Holon to host third annual ELEM run for at risk youth

NGO is expecting some 1,500 people to participate in the event comprising three running tracks.

many runners, running 370  (photo credit: Courtesy, ELEM)
many runners, running 370
(photo credit: Courtesy, ELEM)
The NGO Elem, which assists at risk youth in Israel, will be holding its third annual fundraising run in the city of Holon on November 22nd
The run, which will be held in Holon for the first time, will comprise of three running tracks including a professional 10 kilometers run, the national championship of five kilometers for youth, and a three kilometer race.
The funds raised at the event will benefit Elem’s activities nationwide such as counselling centers for youth,  prevention and treatment of sexual violence, and night patrols to help youth at risk who are homeless or work in prostitution, among others.
Executive director of the NGO, Efrat Shaprut told the Jerusalem Post this week, that the run is “ a great opportunity to create a large scale event that connects people for a good cause.”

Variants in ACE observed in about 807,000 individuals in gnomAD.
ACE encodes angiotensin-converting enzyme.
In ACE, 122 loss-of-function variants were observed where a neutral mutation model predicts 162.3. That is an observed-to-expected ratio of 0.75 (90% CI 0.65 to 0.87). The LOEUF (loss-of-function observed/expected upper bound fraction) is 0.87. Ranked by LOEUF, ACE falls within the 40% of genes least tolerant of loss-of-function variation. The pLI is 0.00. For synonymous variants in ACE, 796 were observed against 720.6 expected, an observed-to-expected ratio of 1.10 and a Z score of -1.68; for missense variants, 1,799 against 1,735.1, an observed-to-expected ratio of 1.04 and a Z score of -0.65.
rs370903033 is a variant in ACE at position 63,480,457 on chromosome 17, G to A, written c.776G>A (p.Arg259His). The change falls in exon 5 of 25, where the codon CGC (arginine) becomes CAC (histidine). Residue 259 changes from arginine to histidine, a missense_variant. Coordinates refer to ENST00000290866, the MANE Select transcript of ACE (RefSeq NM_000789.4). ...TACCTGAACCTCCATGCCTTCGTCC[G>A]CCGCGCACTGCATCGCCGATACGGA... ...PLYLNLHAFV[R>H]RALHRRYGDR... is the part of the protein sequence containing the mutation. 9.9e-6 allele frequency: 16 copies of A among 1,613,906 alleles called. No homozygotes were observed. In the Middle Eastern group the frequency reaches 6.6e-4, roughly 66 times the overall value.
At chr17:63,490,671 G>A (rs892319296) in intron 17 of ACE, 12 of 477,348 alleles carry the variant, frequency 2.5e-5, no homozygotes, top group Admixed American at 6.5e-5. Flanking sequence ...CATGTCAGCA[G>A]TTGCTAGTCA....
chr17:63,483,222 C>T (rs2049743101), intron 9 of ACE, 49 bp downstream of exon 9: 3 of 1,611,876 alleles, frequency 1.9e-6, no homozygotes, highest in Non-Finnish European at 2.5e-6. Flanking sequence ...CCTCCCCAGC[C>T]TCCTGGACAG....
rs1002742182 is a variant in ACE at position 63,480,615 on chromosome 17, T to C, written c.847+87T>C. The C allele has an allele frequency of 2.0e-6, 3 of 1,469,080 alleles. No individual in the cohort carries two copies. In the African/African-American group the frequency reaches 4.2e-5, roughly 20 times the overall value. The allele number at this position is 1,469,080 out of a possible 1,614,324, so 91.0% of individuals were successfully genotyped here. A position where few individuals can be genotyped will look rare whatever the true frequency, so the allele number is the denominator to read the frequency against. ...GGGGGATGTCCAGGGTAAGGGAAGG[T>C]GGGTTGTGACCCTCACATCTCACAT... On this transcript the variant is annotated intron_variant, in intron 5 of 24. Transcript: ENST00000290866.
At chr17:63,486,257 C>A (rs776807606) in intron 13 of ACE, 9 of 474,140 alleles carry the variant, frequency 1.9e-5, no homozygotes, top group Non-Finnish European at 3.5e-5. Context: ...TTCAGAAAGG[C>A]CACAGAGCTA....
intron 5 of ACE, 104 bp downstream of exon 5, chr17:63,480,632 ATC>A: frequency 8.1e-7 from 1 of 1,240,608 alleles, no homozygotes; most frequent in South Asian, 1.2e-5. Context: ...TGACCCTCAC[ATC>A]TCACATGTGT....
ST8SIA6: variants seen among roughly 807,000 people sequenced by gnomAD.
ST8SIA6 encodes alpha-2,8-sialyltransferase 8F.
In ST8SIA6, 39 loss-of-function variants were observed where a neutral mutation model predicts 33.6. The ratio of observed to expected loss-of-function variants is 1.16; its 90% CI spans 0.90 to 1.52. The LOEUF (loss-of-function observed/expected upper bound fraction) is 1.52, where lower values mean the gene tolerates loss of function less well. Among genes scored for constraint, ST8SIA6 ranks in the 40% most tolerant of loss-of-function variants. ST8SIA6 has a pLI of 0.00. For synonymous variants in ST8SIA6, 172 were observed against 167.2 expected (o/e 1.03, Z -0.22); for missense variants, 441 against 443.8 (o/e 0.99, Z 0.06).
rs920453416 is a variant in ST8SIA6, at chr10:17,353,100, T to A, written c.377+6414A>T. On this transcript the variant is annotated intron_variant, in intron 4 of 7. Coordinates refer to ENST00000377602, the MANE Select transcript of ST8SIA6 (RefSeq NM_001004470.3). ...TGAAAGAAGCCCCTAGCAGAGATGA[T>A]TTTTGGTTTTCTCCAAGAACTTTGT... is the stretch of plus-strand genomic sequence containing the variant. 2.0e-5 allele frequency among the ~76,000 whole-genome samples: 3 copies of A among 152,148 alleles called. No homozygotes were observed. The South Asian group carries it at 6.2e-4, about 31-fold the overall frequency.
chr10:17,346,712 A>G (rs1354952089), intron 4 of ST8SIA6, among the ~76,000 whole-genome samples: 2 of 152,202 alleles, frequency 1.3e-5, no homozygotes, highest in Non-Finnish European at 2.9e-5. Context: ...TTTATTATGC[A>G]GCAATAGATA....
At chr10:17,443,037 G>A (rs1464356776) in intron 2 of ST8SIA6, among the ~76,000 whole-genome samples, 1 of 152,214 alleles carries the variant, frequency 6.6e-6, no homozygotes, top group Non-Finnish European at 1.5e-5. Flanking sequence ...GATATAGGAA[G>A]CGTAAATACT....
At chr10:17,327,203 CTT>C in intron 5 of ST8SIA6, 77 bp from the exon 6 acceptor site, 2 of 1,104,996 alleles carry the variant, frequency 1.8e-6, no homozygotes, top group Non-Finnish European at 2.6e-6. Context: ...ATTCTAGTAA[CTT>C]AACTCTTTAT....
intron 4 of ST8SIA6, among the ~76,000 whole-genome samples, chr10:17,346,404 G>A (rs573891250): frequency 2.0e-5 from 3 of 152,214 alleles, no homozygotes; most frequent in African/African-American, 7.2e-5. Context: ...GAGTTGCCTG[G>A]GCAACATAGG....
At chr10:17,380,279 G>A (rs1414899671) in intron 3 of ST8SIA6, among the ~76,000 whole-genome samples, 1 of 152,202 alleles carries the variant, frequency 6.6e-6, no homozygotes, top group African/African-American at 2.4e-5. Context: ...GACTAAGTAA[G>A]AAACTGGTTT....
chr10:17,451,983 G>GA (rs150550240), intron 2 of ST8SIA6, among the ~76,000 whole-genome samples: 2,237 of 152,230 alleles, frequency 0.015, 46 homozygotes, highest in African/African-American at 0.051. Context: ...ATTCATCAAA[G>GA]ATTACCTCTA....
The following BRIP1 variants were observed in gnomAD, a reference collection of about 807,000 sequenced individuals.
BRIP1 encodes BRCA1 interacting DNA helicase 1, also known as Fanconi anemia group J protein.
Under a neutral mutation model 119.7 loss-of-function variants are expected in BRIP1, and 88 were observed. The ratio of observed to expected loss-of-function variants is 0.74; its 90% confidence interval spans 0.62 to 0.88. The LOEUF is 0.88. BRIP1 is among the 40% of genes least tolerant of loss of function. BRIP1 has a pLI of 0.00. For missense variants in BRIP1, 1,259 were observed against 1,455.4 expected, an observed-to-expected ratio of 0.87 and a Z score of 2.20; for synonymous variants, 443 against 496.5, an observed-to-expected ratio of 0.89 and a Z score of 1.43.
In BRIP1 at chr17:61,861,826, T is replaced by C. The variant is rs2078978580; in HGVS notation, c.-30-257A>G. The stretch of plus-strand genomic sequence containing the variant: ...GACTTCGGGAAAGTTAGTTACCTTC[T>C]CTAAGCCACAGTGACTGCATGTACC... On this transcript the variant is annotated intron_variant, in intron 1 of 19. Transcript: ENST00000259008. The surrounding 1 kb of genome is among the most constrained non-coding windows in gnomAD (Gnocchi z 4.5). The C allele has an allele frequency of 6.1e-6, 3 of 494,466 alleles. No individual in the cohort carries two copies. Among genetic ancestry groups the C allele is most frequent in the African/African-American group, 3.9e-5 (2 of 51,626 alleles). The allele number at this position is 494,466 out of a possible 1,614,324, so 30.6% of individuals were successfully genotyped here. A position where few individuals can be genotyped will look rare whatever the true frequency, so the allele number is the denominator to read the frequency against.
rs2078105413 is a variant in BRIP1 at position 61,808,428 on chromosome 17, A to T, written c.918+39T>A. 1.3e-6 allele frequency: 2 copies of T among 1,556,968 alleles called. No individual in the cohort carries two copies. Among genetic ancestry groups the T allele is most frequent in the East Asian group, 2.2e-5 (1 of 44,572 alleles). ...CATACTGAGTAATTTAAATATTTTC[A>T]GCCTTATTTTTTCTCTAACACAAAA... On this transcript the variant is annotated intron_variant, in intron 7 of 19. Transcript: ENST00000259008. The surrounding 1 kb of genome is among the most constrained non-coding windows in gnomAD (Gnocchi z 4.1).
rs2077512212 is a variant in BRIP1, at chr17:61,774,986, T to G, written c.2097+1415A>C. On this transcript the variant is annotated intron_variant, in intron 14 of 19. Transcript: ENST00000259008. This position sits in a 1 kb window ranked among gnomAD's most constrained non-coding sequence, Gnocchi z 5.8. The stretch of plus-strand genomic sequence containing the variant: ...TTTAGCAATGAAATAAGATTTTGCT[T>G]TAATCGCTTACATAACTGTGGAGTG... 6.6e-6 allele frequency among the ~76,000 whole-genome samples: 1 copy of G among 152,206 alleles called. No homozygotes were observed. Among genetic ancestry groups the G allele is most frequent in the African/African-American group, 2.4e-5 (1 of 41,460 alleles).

“First they connect to sports, which is trendy and healthy and also to the projects that we operate for at risk youth, with the goal helping them get back on their feet,” she said.
This year, Shaprut said the NGO is expecting some 1,500 people to participate in the event.  Among them are also businesspeople, professional competitive runners, celebrities, soldiers, students, as well as some of the youth who receive aid from Elem.
“The year 2013 was a tough time to raise donations, so the proceeds from this run is money that we can use to fund some projects that are harder to fundraise for like shelters for homeless youngsters,” Shaprut explained.
Director-general of the Holon municipality Hana Hertzman told the Post  that the city is “very happy and proud” to be hosting the run this year.
“This is another demonstration of the amazing cooperation between us and Elem,” she stated, “We believe it is very important to raise awareness for their activity.”
The NGO has been operating an activity center for at-risk youth and a patrolling volunteer team in Holon for over ten years.
Hertzman also pointed out that investing in children and youth is part of the long-term strategic vision and mission of the municipality.
Shaprut added that for her, being at the event each year is “crazy emotional and very inspiring.”
“I see a lot of people between 35 and 40 years old who come and take the time to run in addition to all the things they have to do in their daily lives,” she said, “You just meet so many beautiful people who want to help and do something for others.”
“The youngsters that we help are also very touched, it gives them hope and inspiration,” she added.